by Byron Connolly

Rimini Street sees spike in Oracle support engineers in job market

Feb 16, 2016
ERP Systems

Third-party ERP support provider Rimini Street has seen a spike in job applications from Oracle engineers over the past few weeks as speculation circulates that the software giant is offshoring its Australian support operation.

In November 2015, The Register published an article claiming that Oracle’s Australian support centre would be closing by the end of February as part of a global rationalisation plan.

CIO Australia approached Oracle, but it declined to comment on the status of its support operations.

Andrew Powell, managing director, Asia-Pacific at Rimini Street, told CIO that there is an unusual number of former Oracle support engineers, who have worked in the vendor’s support centre, on the job market.

“We are seeing a real spike in applications from people who were working for Oracle in their [local] support centre,” Powell said. “That’s a key indicator and I can only assume that Oracle will update its Australian customer base if there’s been a change in its business model.

“The point that I’d like to make is that we operate an onshore model and we think that’s going to be a huge boost if these rumours [around Oracle rationalising support] prove to be correct,” he said.

Rimini Street sells maintenance services to Oracle and SAP customers at a 50 per cent discountto what customers pay for annual maintenance to the vendors.

Read: Environmental services company Veolia dumps SAP support for Rimini Street, slashes $750k a year in software support costs

Last year, Rimini Street signed contracts with nine ASX 50 organisations, said Powell. Some of its more notable customers include Asciano, Carlton United Breweries, Transgrid, and Toll Group. It now has 30 local contracts and is supporting at least 30 international companies that have a subsidiary in Australia.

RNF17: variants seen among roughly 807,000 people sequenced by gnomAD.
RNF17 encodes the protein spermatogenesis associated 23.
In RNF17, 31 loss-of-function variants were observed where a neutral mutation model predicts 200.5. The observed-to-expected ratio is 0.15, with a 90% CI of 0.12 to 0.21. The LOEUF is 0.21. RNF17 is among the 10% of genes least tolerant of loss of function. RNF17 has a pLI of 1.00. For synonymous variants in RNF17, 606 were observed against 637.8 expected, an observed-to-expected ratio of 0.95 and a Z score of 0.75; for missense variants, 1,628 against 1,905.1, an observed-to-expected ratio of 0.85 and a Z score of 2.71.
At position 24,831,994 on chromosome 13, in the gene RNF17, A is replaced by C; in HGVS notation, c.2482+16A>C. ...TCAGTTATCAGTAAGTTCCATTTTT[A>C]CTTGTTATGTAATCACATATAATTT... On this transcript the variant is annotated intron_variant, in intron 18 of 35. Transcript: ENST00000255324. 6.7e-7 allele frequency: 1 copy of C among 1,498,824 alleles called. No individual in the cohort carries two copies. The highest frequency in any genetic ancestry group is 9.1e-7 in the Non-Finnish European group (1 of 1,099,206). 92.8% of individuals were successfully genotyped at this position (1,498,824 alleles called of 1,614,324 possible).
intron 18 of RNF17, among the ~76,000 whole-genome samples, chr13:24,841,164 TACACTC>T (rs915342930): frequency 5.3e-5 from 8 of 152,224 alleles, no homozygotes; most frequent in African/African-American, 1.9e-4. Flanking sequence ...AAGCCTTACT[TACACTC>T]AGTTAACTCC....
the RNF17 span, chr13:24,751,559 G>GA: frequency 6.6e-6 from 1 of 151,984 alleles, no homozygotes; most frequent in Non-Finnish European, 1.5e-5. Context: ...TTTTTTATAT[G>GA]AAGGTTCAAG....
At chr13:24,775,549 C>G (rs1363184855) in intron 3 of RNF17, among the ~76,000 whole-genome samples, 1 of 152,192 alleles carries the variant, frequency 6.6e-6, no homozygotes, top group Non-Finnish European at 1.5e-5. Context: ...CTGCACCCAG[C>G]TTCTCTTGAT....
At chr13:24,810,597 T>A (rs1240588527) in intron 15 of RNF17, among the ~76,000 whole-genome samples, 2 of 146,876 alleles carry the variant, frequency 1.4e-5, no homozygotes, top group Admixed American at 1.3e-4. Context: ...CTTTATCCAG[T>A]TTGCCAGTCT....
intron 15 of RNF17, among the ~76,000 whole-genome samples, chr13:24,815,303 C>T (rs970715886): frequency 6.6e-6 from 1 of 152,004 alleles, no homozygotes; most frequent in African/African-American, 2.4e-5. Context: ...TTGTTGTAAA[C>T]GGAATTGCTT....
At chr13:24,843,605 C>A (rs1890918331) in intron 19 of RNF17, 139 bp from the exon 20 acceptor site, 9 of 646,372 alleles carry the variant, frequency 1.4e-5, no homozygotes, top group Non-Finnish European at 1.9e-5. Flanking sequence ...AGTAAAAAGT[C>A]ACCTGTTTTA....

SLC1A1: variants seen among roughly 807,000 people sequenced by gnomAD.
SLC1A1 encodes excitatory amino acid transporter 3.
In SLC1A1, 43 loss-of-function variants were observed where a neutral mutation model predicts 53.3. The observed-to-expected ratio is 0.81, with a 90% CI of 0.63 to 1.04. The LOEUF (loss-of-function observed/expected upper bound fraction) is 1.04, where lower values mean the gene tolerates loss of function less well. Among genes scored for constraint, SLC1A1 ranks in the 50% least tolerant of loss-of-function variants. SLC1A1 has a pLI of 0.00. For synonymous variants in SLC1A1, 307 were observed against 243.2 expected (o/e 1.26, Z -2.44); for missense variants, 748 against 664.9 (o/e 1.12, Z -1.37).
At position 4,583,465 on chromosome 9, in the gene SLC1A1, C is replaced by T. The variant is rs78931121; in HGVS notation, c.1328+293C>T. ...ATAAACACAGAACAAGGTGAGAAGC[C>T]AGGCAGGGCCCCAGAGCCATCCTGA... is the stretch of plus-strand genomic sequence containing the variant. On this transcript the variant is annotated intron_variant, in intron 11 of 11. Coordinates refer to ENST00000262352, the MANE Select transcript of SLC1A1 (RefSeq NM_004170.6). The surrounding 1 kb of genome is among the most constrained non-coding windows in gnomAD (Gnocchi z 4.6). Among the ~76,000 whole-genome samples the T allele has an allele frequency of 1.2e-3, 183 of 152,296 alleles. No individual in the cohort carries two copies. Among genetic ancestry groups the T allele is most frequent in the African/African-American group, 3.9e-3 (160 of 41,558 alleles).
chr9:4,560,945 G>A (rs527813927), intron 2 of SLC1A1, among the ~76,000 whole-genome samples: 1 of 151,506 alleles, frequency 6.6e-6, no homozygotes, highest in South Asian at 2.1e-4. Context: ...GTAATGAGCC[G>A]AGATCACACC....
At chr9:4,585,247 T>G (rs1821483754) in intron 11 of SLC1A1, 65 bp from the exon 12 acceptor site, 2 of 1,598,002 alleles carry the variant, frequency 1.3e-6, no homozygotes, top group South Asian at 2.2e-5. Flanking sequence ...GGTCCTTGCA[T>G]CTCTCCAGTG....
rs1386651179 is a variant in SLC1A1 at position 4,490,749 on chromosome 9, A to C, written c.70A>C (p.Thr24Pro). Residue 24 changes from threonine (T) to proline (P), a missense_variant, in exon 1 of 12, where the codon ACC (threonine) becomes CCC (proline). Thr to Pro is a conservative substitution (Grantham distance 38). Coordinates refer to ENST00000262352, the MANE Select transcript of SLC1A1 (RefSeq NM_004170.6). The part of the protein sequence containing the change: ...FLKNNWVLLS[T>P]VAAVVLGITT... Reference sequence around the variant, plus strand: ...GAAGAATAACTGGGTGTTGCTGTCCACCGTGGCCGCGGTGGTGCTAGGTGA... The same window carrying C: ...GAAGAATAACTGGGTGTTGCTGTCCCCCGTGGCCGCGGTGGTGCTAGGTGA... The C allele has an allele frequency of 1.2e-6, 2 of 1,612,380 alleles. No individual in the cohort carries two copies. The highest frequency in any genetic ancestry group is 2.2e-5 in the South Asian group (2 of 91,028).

Rimini Street claims Oracle and SAP customers are overpaying for software maintenance. For the three months ending November 30 in 2015, Oracle’s global revenue for software license updates and product support was US$4.6 billion with costs for these services totaling US$293 million – a 93.7 per cent profit margin.

“That really does support a huge piece of [Oracle’s] share price. If the market noise is correct, I think the driver is to support a very high profit margin. That same profit margin explains the reason why we can exist,” said Powell.

“If there’s a profit of that size being made, it’s pretty easy for everyone to understand that there is opportunity for someone to undercut them on price and offer a better service and that’s what we are doing.”

Meanwhile, Oracle last May said it would add 1000 new sales staff across the Asia Pacific region – including 125 in Australia – to sell its cloud offerings.

Powell said he wasn’t sure that what Oracle customers are asking for.

“I think there’s a bit of a disconnect there and again, that opens the opportunity for someone to come in and take market share and that’s what we are doing,” he said.

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